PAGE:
Before Aizaz Syed’s Funeral

Democracy is an unpleasant yet unavoidable reality for patriarchy-driven and authority-seeking members of any society. The way developing countries are sticking to democracy invariably, a big change is expected in the power structure, though challenges are immense. Pakistan is no exception to this phenomenon.

On 6 June 2022, led by Lieutenant General (retired) Ali Quli Khan, ex-servicemen from the Pakistan Army held a press conference outside the National Press Club, Islamabad. The retired army officers demanded the dissolution of the parliament and the holding of early elections, but they refused to take any questions from the media.

On the occasion, a veteran journalist Aizaz Syed asked Lieutenant General (retired) Asif Yaseen Malik a thorny question: “In the given economic crisis, do you think army generals should help the government by handing back the lands allotted to them?” As an expression of annoyance, the question invited a dismal reply: “You must plan your funeral.”

It was apparent that General Malik had no answer to journalist Syed’s question and this was why the general yelled the condescending condemning remark. The question is why? Is asking a question such a terrible idea?

Being a journalist in a country like Pakistan is an arduous task. It is a low-paid but high-risk job. Whether from the peace domain or the war zone, dozens of journalists have lost their lives while exploring a matter and reporting the truth. The brave are the journalists who ask questions, no matter how much acrimonious these are.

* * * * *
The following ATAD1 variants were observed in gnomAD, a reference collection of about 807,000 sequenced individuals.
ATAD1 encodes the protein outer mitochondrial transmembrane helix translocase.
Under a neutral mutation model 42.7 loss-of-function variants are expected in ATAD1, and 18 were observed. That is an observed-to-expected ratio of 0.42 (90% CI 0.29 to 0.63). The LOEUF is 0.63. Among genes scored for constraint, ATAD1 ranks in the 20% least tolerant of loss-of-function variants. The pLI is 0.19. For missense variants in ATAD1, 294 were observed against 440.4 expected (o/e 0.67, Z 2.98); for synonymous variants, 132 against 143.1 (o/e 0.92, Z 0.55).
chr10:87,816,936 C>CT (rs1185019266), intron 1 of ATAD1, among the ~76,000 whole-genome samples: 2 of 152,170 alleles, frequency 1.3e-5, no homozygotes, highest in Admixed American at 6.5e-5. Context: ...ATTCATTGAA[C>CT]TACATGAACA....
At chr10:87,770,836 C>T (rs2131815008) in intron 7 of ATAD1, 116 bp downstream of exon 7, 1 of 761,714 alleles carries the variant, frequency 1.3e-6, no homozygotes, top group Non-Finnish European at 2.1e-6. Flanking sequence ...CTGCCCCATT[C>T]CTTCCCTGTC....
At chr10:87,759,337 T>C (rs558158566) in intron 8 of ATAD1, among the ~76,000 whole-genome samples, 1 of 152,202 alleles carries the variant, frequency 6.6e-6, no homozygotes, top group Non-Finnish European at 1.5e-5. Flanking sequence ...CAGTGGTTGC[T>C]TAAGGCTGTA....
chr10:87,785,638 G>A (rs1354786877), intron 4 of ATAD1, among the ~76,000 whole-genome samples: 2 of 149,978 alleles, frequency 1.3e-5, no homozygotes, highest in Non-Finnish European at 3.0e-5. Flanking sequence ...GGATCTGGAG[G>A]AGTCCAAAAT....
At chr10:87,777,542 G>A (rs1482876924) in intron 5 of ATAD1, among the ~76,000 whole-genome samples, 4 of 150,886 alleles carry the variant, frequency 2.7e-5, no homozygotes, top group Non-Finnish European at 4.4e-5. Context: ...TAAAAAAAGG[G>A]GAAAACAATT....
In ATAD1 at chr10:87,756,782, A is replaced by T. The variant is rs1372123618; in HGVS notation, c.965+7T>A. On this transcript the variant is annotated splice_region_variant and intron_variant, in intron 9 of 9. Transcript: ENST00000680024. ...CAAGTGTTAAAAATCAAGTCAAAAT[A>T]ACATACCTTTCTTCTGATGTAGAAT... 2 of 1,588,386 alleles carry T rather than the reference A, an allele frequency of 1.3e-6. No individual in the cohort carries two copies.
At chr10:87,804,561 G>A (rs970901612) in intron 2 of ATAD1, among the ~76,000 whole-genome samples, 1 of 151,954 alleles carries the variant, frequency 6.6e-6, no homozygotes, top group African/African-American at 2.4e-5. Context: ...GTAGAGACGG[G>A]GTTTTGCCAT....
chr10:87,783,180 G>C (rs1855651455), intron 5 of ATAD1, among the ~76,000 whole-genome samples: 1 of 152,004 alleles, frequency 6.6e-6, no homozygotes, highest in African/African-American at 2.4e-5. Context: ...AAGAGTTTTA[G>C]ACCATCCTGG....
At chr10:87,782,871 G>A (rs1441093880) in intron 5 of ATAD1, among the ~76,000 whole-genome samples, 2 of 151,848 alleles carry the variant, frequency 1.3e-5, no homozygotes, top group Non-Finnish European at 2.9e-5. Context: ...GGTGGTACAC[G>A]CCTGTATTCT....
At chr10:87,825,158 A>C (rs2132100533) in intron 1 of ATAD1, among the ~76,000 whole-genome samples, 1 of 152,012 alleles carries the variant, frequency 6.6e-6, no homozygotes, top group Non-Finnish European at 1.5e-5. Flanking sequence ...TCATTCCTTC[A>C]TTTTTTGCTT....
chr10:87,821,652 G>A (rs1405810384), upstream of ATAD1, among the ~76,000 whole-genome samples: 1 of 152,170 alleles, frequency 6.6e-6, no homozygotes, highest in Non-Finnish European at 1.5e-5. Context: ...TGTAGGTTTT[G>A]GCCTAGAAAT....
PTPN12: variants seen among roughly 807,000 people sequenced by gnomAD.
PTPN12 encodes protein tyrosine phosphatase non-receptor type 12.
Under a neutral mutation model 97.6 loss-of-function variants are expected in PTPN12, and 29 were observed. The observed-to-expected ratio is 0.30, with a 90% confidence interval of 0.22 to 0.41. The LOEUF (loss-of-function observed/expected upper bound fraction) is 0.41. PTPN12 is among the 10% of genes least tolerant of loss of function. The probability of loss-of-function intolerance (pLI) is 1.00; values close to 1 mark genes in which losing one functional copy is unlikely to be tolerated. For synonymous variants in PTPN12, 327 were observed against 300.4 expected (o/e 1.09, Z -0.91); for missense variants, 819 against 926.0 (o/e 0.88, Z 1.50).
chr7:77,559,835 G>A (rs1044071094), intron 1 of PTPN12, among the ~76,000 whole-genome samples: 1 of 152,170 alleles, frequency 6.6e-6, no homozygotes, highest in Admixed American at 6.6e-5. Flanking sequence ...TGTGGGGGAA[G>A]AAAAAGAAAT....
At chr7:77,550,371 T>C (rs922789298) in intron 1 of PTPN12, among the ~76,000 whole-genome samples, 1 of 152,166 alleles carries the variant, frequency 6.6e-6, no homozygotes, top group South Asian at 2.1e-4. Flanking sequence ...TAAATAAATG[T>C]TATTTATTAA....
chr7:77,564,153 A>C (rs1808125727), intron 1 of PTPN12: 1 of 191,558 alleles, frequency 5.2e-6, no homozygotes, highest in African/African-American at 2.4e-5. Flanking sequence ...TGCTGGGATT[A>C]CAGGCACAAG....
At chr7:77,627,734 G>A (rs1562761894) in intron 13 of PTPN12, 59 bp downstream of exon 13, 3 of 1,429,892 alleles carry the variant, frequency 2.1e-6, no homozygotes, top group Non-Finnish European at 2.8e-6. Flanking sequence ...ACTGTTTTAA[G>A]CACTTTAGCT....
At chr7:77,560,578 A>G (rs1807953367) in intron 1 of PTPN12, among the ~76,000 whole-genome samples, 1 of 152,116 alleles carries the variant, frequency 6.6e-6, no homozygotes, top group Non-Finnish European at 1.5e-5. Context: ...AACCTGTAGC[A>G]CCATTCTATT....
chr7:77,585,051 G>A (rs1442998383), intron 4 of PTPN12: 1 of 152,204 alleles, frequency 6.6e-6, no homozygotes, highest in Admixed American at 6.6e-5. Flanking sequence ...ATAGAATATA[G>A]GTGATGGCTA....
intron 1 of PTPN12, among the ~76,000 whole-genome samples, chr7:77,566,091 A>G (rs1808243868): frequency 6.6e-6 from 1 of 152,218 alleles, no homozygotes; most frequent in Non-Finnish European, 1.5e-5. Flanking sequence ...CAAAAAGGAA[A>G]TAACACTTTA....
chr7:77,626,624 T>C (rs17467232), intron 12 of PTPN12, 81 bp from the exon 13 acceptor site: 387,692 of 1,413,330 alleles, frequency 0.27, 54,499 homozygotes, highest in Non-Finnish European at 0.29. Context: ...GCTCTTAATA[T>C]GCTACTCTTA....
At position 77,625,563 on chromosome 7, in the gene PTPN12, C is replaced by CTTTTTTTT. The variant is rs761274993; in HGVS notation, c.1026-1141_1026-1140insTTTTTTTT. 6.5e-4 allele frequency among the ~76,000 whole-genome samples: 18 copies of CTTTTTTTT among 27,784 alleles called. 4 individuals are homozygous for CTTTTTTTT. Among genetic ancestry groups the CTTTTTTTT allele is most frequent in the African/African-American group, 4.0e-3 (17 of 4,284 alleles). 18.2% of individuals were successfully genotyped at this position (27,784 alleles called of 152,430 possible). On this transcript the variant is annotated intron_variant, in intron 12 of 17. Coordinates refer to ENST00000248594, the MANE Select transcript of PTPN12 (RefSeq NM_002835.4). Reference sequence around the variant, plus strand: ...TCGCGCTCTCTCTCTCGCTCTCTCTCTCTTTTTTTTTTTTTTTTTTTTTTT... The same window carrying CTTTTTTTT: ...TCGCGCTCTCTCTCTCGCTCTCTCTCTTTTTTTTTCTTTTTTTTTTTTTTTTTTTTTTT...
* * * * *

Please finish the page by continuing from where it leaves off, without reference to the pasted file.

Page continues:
Journalist Syed also asked, “Why your press conference did not permit the journalists to ask questions?” That was an appalling fact to which General Malik should have responded. Held by the retired army officers, what kind of press conference could be that deprived journalists of an opportunity to ask questions. It means that the press conference holders did know that they could not face the press. Second, they had no taste for being answerable.

Journalist Syed also asked, “Should army generals participate in politics?” He also asked, “After 1971, the biggest challenge to Pakistan’s security was on 2 May 2011 when the US navy seals breached Pakistan’s security and launched the Abbottabad operation. Why did you not resign from the post, as you were the Corps Commander Peshawar?” There were no answers. The respondent was speechless.

It is apparent that public life is entirely different from official life. When an order-issuing authority decides (post-retirement) to face the public especially journalists, awkward and excruciating scenarios do emerge. In public life, a retired military officer without the habit of hearing noes is confronted with unsolicited, unwelcomed questions. The retired officer must have a head for tolerance tested publicly. Democracy is ruthless. It gives a voice to the masses and is disrespectful to oppression. Journalist Syed was showcasing the retired officers as the public face of democracy.

To bully the journalist into silence, the undertone of General Malik was foreboding. The reply insinuated retaliation in the form of a death sentence. A retired army officer cannot reply in this insane way to a journalist asking a question. Threatening a journalist is a serious matter calling for an apology. General Malik failed to learn the ways of evading questions of journalists. Journalist Syed also asked more questions afterward, but General Malik decided to flee the spot.